By Margaret Little
There is only one school in Scotland that has two Nobel Laureates amongst its former pupils and this unique achievement is being celebrated in a one-day conference in September.
John Boyd Orr and Alexander Fleming both attended Kilmarnock Academy and even though only a year separated them in age, they did not know each other. Fleming won his Nobel Prize in Medicine in 1945 for discovering penicillin and Boyd Orr, was awarded the Nobel Peace Prize in 1949 for his work in human nutrition.
Stuart Wilson, president of Kilmarnock and District History Group, said: “This is a unique opportunity to celebrate the lives of two of Ayrshire’s most distinguished sons and the fact Kilmarnock Academy is one of only two schools in Britain – and the only one in Scotland – to have generated more than one Nobel Laureate.”
The other school to have produced more than one Nobel prize winner is the private school, Eton College in Windsor.
The conference, which is open to all, is to honour their achievements, increase local awareness of Fleming and Boyd Orr and to look at the role of the school itself in producing a steady stream of notable scientists.
The event is part of Glasgow Caledonian University’s outreach programme, connecting the university with local communities and is a joint venture between the University and the Ayrshire Federation of Historical Societies (AFHS), with the active co-operation of SNP run East Ayrshire Council. It is financially supported by the Wellcome Trust through the Centre for the Social History of Health and Healthcare, Glasgow.
The conference will be led by renowned scientist Hugh Pennington, Professor of Bacteriology at the University of Aberdeen. Invited speakers will cover the lives and works of Fleming and Boyd Orr and the importance of their local upbringing to their later achievements.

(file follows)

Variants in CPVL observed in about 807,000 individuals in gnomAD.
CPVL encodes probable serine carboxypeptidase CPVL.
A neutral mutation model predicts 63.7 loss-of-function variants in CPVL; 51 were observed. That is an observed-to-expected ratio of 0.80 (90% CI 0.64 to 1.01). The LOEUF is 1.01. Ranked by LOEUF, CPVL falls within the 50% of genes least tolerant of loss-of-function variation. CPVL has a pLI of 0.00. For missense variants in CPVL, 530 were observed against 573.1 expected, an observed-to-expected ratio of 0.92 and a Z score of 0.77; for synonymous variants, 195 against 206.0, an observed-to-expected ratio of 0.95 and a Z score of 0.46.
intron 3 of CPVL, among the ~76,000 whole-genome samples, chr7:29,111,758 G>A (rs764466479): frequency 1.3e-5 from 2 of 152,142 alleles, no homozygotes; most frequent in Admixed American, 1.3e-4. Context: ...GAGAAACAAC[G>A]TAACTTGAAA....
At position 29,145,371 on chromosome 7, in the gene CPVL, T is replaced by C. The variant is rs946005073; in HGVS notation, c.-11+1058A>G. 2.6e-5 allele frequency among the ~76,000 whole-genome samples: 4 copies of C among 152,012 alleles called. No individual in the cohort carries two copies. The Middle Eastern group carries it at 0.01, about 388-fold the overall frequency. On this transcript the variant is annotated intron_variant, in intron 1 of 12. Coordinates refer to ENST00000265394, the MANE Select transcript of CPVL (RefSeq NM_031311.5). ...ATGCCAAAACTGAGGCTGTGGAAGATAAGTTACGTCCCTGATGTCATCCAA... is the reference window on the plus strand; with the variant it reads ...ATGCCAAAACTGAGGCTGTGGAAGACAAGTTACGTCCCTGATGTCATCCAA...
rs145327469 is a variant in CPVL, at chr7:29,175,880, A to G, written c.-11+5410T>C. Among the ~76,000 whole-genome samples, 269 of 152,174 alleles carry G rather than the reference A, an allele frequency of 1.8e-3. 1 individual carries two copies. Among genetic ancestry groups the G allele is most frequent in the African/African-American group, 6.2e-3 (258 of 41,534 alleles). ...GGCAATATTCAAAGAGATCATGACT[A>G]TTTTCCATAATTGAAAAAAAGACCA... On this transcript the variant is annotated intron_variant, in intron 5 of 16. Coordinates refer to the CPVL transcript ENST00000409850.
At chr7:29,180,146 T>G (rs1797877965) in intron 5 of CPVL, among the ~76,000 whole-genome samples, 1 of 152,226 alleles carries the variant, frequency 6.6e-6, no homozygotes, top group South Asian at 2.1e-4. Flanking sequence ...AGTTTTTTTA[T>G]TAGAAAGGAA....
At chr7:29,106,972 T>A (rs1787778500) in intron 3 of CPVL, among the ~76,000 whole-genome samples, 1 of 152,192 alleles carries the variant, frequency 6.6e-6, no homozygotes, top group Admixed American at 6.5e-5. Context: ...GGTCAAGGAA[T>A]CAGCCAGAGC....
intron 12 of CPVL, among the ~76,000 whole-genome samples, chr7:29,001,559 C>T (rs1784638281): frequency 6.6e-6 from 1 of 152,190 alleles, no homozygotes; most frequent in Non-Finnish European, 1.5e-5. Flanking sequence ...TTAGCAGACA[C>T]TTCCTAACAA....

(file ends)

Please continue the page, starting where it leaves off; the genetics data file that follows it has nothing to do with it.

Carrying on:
Keynote speakers include Professor John Stewart on ‘Science and Medicine in Scotland in the First Half of the Twentieth Century’; Professor Catriona MacDonald on ‘Scottish Education at the Turn of the Twentieth Century’; and Professor Elaine McFarland on ‘John Boyd Orr: The Making of a Global Citizen’. All three are history professors at Glasgow Caledonian University.
Their colleague, Professor Robert Pyper, Head of the Social Sciences Department, will speak about ‘John Boyd Orr: Idealism, Pragmatism, and Social Justice’.
Putting Fleming in his historical context is Kevin Brown, Curator of the Alexander Fleming Laboratory Museum in London.
Dr Neil Dickson, Chairman of the AFHS – as well as being a former English teacher at the school – will speak about Kilmarnock Academy in the 19th century, “a most interesting stage in its development”.
Councillor Jim Roberts, Spokesperson for Lifelong Learning on East Ayrshire Council, said: “Kilmarnock Academy has produced many notable former pupils and Sir Alexander Fleming and Lord Boyd Orr are famous all over the world for their important discoveries.
“I would recommend this conference to anyone who has an interest in local history or science. It promises to be a remarkable day”.
The conference will take place in the Assembly Hall of Kilmarnock Academy in Elmbank Drive, Kilmarnock, on Saturday, 24 September 2011. An accompanying exhibition will be displayed in the Memorial Hall, an attractive feature of the school’s late 19th century main building.
If you’d like to attend, don’t just turn up on the day. Please register, preferably by email, to firstname.lastname@example.org , or by post, to Rhona Blincow, Centre for Social History of Health and Heathcare, Glasgow Caledonian University, Cowcaddens Road, Glasgow G4 0BA.